The volume will be important for readers interested in the history of thought in the early-modern and modern ages. Off-campus access. Using PhilPapers from home? Create an account to enable off-campus access through your institution's proxy server.

201. Stephen Gersh on Medieval Platonism

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After thinkers such as Peter Abelard, William of Conches, Thierry of Chartres, and Bernardus Silvestris fruitfully reexamined the Calcidian Timaeus, their successors discovered that the newly arriving translations of Aristotle's treatises had more to offer the scholastic enterprise of systematic theology than did the less direct dialogues of Plato, of which only the Meno and Phaedo were added to the Latin corpus.

However, since Aristotle came to the West via the Arabs, he was initially read as a Neoplatonist. Thomas Aquinas — was instrumental in correcting this error when he identified Proclus as the source for the Pseudo-Aristotelian Book of Causes after reading a Latin version of the Elements of Theology translated in Although Aquinas was principally Aristotelian in outlook, his teacher, Albertus Magnus c.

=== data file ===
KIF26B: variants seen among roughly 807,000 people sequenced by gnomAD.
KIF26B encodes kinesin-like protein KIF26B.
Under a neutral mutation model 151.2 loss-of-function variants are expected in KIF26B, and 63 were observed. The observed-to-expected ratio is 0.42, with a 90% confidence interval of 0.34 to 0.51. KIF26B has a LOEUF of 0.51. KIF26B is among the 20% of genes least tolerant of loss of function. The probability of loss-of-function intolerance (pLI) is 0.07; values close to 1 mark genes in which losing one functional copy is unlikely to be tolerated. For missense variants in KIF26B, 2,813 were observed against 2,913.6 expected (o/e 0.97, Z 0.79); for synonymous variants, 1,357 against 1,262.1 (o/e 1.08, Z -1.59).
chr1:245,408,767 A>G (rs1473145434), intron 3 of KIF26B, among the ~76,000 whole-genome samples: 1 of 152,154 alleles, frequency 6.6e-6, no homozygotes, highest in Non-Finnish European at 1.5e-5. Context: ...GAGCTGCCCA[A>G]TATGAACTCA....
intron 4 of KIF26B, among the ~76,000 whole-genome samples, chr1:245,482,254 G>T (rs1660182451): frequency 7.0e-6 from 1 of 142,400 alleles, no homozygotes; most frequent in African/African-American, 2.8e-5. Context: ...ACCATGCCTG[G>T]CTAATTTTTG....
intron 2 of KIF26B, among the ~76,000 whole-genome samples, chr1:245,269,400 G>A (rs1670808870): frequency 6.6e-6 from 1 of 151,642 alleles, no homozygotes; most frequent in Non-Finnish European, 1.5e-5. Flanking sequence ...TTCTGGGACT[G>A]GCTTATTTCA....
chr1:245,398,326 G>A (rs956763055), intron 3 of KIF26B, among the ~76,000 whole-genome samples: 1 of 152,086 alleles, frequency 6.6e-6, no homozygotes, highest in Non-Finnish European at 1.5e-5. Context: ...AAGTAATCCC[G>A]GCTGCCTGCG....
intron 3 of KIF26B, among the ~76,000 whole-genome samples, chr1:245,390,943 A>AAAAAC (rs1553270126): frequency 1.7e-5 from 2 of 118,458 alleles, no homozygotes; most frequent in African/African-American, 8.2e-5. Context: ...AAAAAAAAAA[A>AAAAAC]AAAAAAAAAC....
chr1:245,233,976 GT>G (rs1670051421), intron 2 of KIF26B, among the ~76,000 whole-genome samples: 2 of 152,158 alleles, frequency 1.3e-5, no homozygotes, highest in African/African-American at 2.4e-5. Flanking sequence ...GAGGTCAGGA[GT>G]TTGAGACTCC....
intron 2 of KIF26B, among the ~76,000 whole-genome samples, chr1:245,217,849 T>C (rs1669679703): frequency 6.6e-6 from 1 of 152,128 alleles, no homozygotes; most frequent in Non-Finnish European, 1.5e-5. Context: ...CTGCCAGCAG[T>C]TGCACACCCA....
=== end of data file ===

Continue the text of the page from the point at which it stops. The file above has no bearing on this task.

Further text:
Nicholas of Cusa — later drew upon these thinkers, as well as the twelfth-century Platonists and earlier sources, in constructing his own Neoplatonic worldview outlined in Learned Ignorance , a reaction against the Aristotelianism dominant in the universities. Petrarch — had already urged a return to Plato, and this tendency within Italian Renaissance humanism culminated in the work of the Florentine philosopher Marsilio Ficino — , whose translations and studies of the complete Plato, Plotinus, and other Platonic authors were influential throughout Europe for centuries.

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London: Cambridge University Press, Carabine, Deirdre. Louvain, Belgium: Peeters, W. Eerdmans, Dillon, John. The Middle Platonists, 80 B. Ithaca, N.

CALL. Middle Platonism and its Literary Reflections - Freiburg im Breisgau (Germany)

Gersh, Stephen. Notre Dame, Ind. Gersh, Stephen, and Maarten J. Hoenen, eds. Berlin and New York: Walter de Gruyter,